The basic regression results indicate that green credit can promote green sustainable development. But whether green credit could break through the limitations of traditional regulatory measures that only act on the stage of pollution control, and effectively facilitate the transformation of the unsustainable "polluting first & treating later" economic development model, needs to be further explored. Regarding this, the impact of green credit on energy inputs, technological innovation, and pollution outputs is further studied to evaluate the role of green credit in the upstream, midstream, and downstream stages of the green sustainable development value chain.

Energy inputs and green credit.

Energy supplies the raw power for economic development but is also an important source of pollution. The volume and structure of energy consumption affect economic development and ecological environment simultaneously. Table 3 shows the regression results of energy inputs on green credit. Since the city-level energy consumption data are available only for electricity and the information is limited, the provincial energy consumption data are selected as the explained variable, and the data are from the China Energy Statistical Yearbook. Column (1) shows the results of the impact of green credit on energy consumption from the perspective of total consumption. The explained variable is total energy consumption, calculated by first converting the eight major types of energy consumption (coal, electricity, crude oil, etc.) into million tons of standard coal equivalence and then normalizing it by the regional GDP. Columns (2) to (4) provide results on the role of green credit on energy consumption at the structural level. The explained variables are the proportion of consumptions of various types of energy, which are calculated by first converting the consumptions observed into million tons of standard coal equivalence and then normalizing them by the total energy consumption.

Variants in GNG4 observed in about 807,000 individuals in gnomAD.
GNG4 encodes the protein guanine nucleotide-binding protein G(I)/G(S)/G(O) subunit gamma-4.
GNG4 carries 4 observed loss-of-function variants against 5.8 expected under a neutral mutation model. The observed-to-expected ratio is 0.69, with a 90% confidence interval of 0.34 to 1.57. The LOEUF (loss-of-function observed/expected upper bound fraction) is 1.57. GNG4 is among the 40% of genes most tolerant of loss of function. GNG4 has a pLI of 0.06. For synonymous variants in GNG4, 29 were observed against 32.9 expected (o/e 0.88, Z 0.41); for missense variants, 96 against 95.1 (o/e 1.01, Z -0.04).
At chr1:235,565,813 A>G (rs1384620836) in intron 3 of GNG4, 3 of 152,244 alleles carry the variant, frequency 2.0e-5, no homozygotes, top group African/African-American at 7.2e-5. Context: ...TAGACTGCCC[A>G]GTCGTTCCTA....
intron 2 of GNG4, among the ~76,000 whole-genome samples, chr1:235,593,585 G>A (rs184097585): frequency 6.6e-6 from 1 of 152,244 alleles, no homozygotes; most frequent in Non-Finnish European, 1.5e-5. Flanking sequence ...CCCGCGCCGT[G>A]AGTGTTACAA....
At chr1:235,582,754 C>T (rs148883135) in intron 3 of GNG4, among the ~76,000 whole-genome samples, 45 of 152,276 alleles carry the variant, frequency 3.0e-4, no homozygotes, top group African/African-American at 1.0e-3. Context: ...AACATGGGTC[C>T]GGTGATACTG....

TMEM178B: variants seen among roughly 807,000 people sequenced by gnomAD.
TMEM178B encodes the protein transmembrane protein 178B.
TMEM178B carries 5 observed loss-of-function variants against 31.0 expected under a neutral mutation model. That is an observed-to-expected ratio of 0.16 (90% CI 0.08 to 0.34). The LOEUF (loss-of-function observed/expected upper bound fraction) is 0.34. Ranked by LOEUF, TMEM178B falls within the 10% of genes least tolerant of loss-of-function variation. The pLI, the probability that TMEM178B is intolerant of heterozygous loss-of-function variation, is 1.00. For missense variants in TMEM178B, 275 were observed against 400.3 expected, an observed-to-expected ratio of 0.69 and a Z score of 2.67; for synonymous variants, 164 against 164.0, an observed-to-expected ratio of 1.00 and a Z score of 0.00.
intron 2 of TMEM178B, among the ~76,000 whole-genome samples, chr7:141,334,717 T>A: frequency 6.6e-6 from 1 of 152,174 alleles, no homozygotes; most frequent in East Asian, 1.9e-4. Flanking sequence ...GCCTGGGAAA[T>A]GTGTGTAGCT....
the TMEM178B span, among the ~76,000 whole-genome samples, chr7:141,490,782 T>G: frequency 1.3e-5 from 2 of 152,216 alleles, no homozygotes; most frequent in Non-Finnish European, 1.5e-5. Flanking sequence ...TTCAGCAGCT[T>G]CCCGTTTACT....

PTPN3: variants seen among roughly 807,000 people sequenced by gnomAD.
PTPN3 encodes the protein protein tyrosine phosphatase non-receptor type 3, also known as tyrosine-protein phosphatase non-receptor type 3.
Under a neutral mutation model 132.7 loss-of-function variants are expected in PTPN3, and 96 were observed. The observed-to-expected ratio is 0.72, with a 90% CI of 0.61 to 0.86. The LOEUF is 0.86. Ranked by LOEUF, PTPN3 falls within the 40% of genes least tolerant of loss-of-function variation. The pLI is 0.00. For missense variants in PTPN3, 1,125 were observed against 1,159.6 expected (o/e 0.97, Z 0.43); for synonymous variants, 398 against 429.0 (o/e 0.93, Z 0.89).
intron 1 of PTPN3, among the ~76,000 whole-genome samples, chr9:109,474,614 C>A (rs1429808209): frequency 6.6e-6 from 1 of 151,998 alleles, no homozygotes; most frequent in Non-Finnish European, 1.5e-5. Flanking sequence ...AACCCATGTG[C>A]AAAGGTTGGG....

As shown by the regression results in column (1), the coefficient of green credit is negative at the 10% significance level, indicating that green credit reduces the energy inputs required per unit of GDP and facilitates energy efficiency improvement. In column (2), the coefficient of green credit is positive at a significance level close to 10%, indicating green credit increases the proportion of clean energy in the energy consumption structure. Moreover, in columns (3) and (4), the coefficients of green credit are negative at the 5% significance level, indicating green credit reduces the proportions of coal-based energy and petroleum-based energy in the energy consumption structure. In summary, the empirical results in Table 3 show that, by increasing the proportion of clean energy and reducing the proportion of non-renewable energy, green credit can not only reduce total energy consumption and improve energy efficiency but also optimize the energy consumption structure, which consistent with the findings of Song et al. [33]. Since the implementation of the 2012 Green Credit Guidelines has significantly reduced bank credit availability and credit allocation efficiency for energy-intensive enterprises [17], the sensible choice for affected enterprises is to proactively seek to transform and improve their energy consumption structure and energy efficiency performance to alleviate financial resource constraints. Consequently, green credit does promote green sustainable development at the upstream stage by optimizing energy inputs.

Technological innovation and green credit.